Someone told me that I should sue for punitive damages.  Your thoughts?


These are the exceptional claims, not the rule.  In rare cases, an insurer may be so reckless, so negligent in how it handled your claim that it may be liable for punitive (or something called “moral” damages.  


They will never settle the claim based on a payment for punitive damages, but it may ramp up the lump sum for future benefits.  I remember Clara, who was clearly unable to walk or sit for any length of time due to a hip issue.  I asked the claims adjuster questions under oath and it was absolutely clear that she had given no thought into why she cut off Clara’s benefits.  It was embarrassing for her. The insurer lawyer ramped up the settlement amount by a lot – he did not want her going to trial.




I just applied for LTD benefits and they denied me on the basis of something called a pre-existing condition.  Can they do that?


On the right facts, your insurer can in fact deny you benefits when you first apply, based on a health condition you brought with you.  This only makes sense.  It would be strange if you could start a new job and then going on LTD within a matter of months – all based on a health condition which existed before you were hired.  


On the other hand, if you have been a good employee for months after you were hired and if the pre-existing health condition did not impact your ability to work for a long stretch, it would be unfair if you were denied LTD benefits.  It is all about balance.



What kinds of pre-existing health conditions count?


It depends on the type of the condition, whether that condition was a “live” matter in your life when you were hired and exactly when that condition disabled you from working.  The first thing to figure out is the date you were first covered by the LTD policy.  This is usually *** months after you started work.


Most policies ask three questions.  


First question - Are you applying for LTD benefits within 12 months of first being covered by the LTD policy?  If you are outside of this 12 month period, you are free to claim benefits.  However, if you have applied for LTD within that 12 month period, we go on to ask the…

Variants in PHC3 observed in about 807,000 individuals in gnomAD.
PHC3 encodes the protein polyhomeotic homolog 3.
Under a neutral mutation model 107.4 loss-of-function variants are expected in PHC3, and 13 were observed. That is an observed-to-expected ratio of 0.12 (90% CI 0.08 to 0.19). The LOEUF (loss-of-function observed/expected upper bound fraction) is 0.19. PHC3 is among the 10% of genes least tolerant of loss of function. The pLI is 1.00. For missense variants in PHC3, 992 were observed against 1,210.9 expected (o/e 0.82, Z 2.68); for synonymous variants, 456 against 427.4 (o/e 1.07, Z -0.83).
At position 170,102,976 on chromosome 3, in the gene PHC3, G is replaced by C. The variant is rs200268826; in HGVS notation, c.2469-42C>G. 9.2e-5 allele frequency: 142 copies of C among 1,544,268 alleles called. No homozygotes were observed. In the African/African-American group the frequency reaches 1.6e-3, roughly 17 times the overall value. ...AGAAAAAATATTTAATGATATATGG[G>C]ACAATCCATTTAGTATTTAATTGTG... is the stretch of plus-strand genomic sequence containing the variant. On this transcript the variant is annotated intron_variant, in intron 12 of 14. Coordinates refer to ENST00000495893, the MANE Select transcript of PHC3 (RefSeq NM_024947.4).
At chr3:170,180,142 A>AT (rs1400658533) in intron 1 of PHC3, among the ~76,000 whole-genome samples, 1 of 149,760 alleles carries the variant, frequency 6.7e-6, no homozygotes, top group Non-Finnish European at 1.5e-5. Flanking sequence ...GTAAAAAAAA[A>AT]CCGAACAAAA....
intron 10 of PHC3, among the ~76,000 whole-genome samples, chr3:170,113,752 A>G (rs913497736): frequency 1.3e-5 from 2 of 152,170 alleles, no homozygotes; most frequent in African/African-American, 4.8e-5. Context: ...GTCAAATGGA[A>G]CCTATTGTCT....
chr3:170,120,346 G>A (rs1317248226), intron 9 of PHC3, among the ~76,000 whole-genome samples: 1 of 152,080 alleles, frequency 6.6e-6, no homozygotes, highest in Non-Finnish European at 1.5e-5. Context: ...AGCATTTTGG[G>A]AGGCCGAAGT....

Second question – Did that medical condition exist at the time you first were covered by the LTD policy?  If not, you are free to claim benefits.  However, if the answer is yes and if that condition did exist when you first were covered by the policy, we go onto ask the…


Third Question – During the 13 week period from when you were first covered by the LTD policy, did you i) receive any treatments or assessments for that condition; or ii) did you have more than three days off work because of that condition?  If yes, you are not entitled to benefits.  If no, then the 13 week periods acts as a “cleansing period of sorts” and you are not barred from making an LTD claim.



Any other advice?


Just this:  You have paid towards your long term disability benefit in most cases.  That means for years the insurer dipped into your pocket and paid itself a premium.  The deal they made with you was simple:  when you are in desperate straits, we will be there for you.  When this turns out to be a lie, when the insurer denies you coverage for the most superficial of reasons, you deserve to be upset.   And you have every right to sue.  At Tamming Law, we're happy to help. Contact us today to find out how we can assist you with you long-term disability claim denial.